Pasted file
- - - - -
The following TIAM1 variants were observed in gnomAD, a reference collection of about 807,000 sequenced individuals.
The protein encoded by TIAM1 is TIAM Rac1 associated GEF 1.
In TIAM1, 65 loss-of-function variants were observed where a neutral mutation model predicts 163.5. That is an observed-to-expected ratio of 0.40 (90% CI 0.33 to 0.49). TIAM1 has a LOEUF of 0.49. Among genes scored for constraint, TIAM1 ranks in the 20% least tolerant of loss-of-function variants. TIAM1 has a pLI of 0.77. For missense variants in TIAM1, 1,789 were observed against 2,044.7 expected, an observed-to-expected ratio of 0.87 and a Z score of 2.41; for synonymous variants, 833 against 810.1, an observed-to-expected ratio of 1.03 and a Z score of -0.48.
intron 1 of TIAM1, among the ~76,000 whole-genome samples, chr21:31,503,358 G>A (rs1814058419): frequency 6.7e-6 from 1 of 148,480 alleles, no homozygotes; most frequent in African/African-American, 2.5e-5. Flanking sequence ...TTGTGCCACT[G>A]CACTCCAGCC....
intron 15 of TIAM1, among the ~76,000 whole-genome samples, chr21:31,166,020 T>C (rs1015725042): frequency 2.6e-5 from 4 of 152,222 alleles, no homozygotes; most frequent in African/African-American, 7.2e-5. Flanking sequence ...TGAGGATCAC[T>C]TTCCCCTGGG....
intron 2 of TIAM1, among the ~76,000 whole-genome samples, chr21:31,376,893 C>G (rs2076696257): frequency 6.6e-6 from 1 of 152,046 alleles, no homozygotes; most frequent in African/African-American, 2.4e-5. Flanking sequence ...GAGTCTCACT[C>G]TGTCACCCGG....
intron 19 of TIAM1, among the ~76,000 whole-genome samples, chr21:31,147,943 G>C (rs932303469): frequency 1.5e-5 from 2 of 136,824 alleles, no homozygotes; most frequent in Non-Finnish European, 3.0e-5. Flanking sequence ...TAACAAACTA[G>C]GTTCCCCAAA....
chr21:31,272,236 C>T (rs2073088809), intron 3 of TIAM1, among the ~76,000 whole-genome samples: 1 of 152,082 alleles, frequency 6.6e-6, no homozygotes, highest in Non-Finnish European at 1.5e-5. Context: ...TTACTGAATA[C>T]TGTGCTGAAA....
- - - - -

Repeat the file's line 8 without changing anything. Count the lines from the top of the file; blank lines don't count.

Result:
chr21:31,272,236 C>T (rs2073088809), intron 3 of TIAM1, among the ~76,000 whole-genome samples: 1 of 152,082 alleles, frequency 6.6e-6, no homozygotes, highest in Non-Finnish European at 1.5e-5. Context: ...TTACTGAATA[C>T]TGTGCTGAAA....